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What are Waxed Jeans?

By Marco Sumayao
Updated May 21, 2024
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Waxed jeans, also known as waterproof jeans, painted jeans, or black-coated jeans, are denim trousers coated with paint, beeswax, or a wax glaze to create a shiny finish. The jeans were introduced in 2007 and became a popular trend in many spring and summer 2008 collections offered by most designer labels and denim brands. The style can be replicated at home using acrylic paint or beeswax on an existing pair of jeans.

This variety of jeans starts out as a pair of raw denim jeans, which are coated in a thin layer of wax glaze called a cire. After the cire is applied to the fabric, the jeans get heat-pressed with a roller, allowing the denim to absorb the wax. The dried cire creates the stiff texture, the oily feel, and the gleaming finish that characterize the trend.

As the trend became popular among consumers and fashion critics, many denim brands started adding a waxy finish to classic-cut jeans for men and women. The shimmer from the original designs was toned down to make the waxed jeans suitable for casual occasions. Though many wear them to enjoy the trend itself, the jeans are also a popular alternative to leather pants because they share the same slick aesthetic. The difference is that these jeans are more affordable and allow skin to breathe easier.

Waxed jeans can be bought at various price points, from expensive designer labels to accessible high-street brands. Despite their availability, many people choose to create their own pair at home using an ordinary pair of denim jeans. One common way to accomplish the project is by painting jeans with a layer of acrylic paint. Since acrylic paint dries quickly, this is the fastest way to get a do-it-yourself pair, but it is important that the jeans come a size or two larger than the usual because the acrylic can make the fabric shrink, creating a tighter fit.

Another way to wax jeans is to use a mixture of beeswax and raw linseed oil. Caution must be exercised while using this method because the resulting mateiral is very flammable. Beeswax should be melted with linseed oil in a double-boiler, with turpentine added to the melted solution to thin it. The solution is then brushed onto the jeans with the mixture and left to dry with a heat gun so the fabric can absorb the wax.

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Discussion Comments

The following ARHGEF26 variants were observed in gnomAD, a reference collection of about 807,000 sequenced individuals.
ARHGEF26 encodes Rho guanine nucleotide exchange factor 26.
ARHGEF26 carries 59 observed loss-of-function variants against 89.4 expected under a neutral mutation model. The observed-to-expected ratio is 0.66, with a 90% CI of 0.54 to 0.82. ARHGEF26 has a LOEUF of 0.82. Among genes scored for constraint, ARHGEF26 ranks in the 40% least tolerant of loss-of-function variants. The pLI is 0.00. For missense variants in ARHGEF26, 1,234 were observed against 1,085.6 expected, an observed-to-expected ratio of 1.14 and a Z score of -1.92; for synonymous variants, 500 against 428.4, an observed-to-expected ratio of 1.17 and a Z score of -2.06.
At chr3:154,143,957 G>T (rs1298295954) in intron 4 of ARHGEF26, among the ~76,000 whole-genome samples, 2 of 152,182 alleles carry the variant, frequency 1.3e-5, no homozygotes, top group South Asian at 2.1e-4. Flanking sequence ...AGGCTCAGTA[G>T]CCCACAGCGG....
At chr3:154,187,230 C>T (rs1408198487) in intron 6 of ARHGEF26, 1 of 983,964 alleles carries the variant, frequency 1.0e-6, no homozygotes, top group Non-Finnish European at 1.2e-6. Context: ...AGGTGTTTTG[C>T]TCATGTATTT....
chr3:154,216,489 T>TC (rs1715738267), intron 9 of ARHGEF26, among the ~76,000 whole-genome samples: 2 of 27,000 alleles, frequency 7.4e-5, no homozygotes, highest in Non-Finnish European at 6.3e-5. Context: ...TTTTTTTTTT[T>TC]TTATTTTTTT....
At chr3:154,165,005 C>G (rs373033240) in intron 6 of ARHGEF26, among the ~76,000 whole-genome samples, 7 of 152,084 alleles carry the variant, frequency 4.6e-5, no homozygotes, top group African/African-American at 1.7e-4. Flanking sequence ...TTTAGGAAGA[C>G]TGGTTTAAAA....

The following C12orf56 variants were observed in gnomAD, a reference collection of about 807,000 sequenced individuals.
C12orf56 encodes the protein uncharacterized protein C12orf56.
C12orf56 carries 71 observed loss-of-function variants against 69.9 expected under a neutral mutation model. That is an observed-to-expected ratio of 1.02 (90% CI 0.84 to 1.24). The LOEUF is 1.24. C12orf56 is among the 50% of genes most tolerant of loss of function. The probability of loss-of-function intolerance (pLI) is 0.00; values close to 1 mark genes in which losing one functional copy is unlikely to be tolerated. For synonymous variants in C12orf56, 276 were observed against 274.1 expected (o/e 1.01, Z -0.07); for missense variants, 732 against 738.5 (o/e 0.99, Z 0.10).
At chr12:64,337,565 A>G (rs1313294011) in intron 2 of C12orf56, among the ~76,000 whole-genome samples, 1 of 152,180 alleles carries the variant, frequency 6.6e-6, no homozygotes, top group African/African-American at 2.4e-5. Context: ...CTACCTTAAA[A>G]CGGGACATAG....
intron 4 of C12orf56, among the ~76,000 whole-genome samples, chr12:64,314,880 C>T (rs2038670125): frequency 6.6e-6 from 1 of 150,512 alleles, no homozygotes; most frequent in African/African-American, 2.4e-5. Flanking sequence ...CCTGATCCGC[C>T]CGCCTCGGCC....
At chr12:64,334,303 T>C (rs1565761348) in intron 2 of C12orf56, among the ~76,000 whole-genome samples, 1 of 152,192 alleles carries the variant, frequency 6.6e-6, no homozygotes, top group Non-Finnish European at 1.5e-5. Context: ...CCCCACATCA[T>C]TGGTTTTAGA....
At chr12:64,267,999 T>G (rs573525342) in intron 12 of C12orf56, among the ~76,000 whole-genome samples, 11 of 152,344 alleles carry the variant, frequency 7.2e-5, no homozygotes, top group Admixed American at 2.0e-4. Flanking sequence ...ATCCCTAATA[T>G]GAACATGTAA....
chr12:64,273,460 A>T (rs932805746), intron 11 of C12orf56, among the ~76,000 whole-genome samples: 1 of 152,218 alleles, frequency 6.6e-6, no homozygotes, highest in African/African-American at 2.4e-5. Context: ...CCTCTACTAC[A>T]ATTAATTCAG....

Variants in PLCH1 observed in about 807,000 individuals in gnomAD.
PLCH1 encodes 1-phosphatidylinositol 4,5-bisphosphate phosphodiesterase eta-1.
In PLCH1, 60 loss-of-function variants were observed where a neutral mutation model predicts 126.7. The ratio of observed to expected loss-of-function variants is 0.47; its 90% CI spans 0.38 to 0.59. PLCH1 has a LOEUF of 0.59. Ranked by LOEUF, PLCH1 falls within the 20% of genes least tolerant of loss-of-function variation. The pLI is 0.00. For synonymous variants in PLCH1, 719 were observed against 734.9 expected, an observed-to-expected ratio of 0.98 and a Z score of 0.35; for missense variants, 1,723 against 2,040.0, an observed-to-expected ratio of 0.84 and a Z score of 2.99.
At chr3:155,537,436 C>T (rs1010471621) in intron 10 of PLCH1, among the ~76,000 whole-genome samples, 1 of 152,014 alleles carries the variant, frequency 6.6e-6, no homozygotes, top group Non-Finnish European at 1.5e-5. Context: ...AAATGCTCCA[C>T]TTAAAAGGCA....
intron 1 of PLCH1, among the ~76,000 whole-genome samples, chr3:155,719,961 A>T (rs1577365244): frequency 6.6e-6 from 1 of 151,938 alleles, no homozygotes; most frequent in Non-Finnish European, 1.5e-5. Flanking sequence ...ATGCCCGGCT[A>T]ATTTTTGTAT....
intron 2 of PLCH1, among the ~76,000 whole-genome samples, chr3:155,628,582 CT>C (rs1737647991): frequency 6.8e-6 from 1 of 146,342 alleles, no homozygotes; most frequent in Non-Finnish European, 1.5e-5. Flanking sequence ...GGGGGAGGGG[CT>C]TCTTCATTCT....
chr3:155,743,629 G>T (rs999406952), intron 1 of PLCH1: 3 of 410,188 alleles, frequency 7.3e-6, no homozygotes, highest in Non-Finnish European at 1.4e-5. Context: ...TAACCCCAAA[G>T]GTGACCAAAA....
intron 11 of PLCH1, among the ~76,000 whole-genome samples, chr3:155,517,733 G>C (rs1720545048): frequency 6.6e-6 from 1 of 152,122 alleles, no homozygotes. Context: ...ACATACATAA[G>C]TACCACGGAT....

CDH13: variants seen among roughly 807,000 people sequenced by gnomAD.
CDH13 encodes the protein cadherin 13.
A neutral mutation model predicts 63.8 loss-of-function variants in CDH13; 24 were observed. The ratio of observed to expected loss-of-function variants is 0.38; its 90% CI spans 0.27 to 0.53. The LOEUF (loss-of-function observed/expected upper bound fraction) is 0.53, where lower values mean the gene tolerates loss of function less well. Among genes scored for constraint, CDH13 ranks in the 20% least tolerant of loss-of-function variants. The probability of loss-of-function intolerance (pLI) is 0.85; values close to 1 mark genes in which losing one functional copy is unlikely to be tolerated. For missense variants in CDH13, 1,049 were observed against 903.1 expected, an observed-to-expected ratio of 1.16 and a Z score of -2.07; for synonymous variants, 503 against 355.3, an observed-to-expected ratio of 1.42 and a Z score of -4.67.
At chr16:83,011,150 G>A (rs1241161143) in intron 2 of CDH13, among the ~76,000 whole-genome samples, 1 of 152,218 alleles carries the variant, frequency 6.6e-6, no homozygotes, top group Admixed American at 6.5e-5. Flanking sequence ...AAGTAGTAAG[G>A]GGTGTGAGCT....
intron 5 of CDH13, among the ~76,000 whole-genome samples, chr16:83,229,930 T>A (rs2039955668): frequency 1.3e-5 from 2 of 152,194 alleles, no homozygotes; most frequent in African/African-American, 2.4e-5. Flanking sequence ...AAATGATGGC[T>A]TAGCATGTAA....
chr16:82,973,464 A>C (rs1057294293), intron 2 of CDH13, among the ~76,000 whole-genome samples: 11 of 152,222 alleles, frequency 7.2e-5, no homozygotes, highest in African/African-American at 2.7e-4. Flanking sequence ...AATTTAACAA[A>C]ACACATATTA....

By goldenmist — On Jul 06, 2011

@rjh - Good waxed jeans should offer weather protection (including water resistance) and should still be fairly breathable so you shouldn't need to wash them too often. They’re popular with motorcycle riders. The wax fades over time but it develops a nice finish once they’re “broken in” which many people seem to like and is part of the appeal of waxed cotton anyway.

If you do need to wash them, a gentle cold wash with the jeans inside out and hang drying is probably the best way to go about it and it shouldn’t affect the look of the jeans too much. I’d avoid using soap or dry cleaning though as it can remove the wax. There is also wax dressing you can buy to re-apply to your jeans if you want to maintain water resistance.

By rjh — On Jul 05, 2011

Is it true that you’re not supposed to wash these types of jeans if you want to keep the wax finish? If I do need to wash them, what would be the best way to go about it?

By lighth0se33 — On Jul 05, 2011

Wow, I have a pair of somewhat stiff shimmery jeans, but I had no idea that they had been waxed! They do have the ability to almost stand on their own without a body inside them, though!

I love the sheen that covers these dark blue beauties. When the light hits them, they look almost glittery, but instead of sparkling in flecks, the entire surface shimmers.

Over time, these jeans have become more flexible and easier to put on, as long as my legs are totally dry. They still have their shine, but the blue is lighter than it once was. I think I might actually like them better as they are now.

By strawCake — On Jul 04, 2011

@SZapper - I prefer my jeans to be on the softer side too. My sister, however, doesn't have that reservation. When these jeans were popular we tried to make her a pair and we failed miserably!

We didn't realize we needed to buy the jeans a few sizes up so after we painted them with acrylic paint they shrank! The jeans ended up being so small my sister couldn't wear them. After that she gave up and just bought a pair.

By SZapper — On Jul 04, 2011

I somehow must have missed this blue jeans trend. It doesn't sound very appealing to me though. I hate when my jeans are stiff and I usually buy the jeans that have a small percentage of spandex so they are stretchy. I think I'll just stick with my comfy, non-waterproof jeans!

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